TMJ dysfunction, commonly abbreviated as TMD, is an extremely common health problem that is characterized by pain in the jaw and a number of accompanying symptoms. Many people simply say TMJ when referring to jaw pain. This is a misnomer because TMJ means temporomandibular joint. In other words, TMJ is the name of the joint that hurts, not the condition causing the pain.
Let’s discuss a few more facts that will help you to get a better understanding of what TMJ dysfunction involves. Then we will consider several natural ways to find relief.
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What are the symptoms that a person may experience when dealing with a TMJ disorder? Here are some of the more common problems. The good news is that examining the symptoms can help us to get closer to identifying the underlying problem and to effecting natural relief.
The jaw is a unique joint because it works in two ways. More commonly, we use it as a hinge to open and close the mouth. However, you can also shift your lower jaw from side to side, so it can act as a sliding joint as well. As a result, there are a number of things that can go wrong that will cause pain in the jaw.
The pain associated with TMJ is not usually confined to the jaw. discomfort can radiate up toward the ears as well as down toward the neck. This is one of the primary factors that can point toward the genesis of TMJ pain.
The TMJ and the facial nerve are very close to one another, so it is common for TMD patients also to suffer face pain. Since the three nerve roots stretch through varying parts of the face, the area where the nerve is irritated will determine where the face pain occurs.
Since chewing is one of the most taxing tasks we require of the jaw, this is when pain usually is the most noticeable. It may result in a person eating less due to the discomfort.
Again, the lower mandible can both open and close as well as shift from side to side. When something is wrong with the TMJ, this range of motion can be limited in either or both directions.
Usually a popping, clicking, or grinding sound is associated with TMD. However, your jaw can occasionally make noise without there being a problem with the TMJ. You can also have pain without the sound.
These are some of the more common issues that arise when a person is suffering from TMD. You may have some or all of these symptoms as well as others that are not mentioned on this list. While doctors might recommend everything from anti-inflammatory drugs to surgery, is there anything natural you can do to relieve the pain in your jaw? Here are a few natural things to try before you take any drastic measures.
Here are a few simple things you can do at home to get relief from mild to moderate jaw pain.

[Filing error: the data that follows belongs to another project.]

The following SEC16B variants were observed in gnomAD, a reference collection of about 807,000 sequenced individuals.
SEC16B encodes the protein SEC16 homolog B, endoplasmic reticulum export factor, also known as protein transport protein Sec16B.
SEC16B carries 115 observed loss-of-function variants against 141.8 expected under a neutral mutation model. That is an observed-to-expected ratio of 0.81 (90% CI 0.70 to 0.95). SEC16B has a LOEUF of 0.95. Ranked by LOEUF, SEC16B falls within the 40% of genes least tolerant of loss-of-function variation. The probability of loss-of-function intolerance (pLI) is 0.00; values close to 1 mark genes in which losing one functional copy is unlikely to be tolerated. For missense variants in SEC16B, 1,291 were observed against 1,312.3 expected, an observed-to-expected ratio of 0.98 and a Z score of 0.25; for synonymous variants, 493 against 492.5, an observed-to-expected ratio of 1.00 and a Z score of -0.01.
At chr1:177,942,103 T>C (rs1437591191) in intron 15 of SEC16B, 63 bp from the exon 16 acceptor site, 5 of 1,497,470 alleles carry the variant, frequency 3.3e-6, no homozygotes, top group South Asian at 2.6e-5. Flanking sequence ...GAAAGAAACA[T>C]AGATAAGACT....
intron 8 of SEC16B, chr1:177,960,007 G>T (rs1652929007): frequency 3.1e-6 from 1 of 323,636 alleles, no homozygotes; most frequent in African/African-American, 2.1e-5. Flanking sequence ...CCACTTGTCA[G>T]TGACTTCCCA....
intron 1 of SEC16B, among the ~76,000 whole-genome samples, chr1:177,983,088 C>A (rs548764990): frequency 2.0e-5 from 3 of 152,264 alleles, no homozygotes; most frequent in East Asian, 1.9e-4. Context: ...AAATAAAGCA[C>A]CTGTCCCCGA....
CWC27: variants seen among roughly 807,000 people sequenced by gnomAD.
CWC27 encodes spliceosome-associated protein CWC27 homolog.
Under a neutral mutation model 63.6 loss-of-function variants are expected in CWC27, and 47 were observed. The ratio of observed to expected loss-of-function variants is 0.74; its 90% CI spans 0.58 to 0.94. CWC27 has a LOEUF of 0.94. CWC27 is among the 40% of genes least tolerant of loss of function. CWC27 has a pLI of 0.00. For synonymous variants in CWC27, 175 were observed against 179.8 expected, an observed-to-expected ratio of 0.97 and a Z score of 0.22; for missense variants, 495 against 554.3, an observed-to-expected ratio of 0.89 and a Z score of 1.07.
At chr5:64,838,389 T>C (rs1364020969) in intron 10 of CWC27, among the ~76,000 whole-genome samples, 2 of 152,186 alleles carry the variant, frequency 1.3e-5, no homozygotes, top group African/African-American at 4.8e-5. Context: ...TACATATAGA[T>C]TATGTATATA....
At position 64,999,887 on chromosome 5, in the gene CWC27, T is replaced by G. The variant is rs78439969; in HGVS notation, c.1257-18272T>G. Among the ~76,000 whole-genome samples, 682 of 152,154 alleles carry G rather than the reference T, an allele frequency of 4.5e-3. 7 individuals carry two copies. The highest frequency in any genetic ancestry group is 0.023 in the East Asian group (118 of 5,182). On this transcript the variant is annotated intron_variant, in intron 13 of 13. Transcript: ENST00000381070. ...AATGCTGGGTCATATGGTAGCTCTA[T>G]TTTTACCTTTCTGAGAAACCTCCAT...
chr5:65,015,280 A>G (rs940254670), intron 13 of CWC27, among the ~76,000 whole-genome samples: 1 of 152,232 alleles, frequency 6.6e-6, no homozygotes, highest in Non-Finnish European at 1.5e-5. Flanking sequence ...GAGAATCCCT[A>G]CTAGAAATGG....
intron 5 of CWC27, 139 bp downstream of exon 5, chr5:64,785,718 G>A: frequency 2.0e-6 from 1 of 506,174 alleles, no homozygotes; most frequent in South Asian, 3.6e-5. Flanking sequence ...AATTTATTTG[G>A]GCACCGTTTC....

While these are great ways to get relief if your TMJ pain is not that bad, a more serious or recurring case will require additional assistance. You can still get the help you need naturally though. Here is how an upper cervical chiropractor can help.
When the top bone in the neck, that atlas, is out of alignment, it can lead to the symptoms noted above. Because the atlas balances the head, any misalignment results in changes in the surrounding tissue in order to restore proper balance. Proximity to the jaw, facial nerve, and ears can lead to all of the symptoms of TMD that we previously discussed. So how can you know if this is the underlying problem that is at the root of your condition?
After a patient history and physical examination, an upper cervical chiropractor will use diagnostic imaging techniques to locate a misalignment. Precise measurements allow for gentle and safe corrections. Once the atlas is back in proper place, the changes that occurred to balance the head can return to normal. This, in turn, can provide relief for the jaw, ears, and facial nerve. Some of our patients find that TMJ pain goes away and never returns.
If you would like to learn what upper cervical chiropractic care can do for you, use the search feature on this site to find one of our preferred practitioners in your area. A consultation may be your first step toward breaking free from jaw pain.
The content and materials provided in this web site are for informational and educational purposes only and are not intended to supplement or comprise a medical diagnosis or other professional opinion, or to be used in lieu of a consultation with a physician or competent health care professional for medical diagnosis and/or treatment. All content and materials including research papers, case studies and testimonials summarizing patients' responses to care are intended for educational purposes only and do not imply a guarantee of benefit. Individual results may vary, depending upon several factors including age of the patient, severity of the condition, severity of the spinal injury, and duration of time the condition has been present.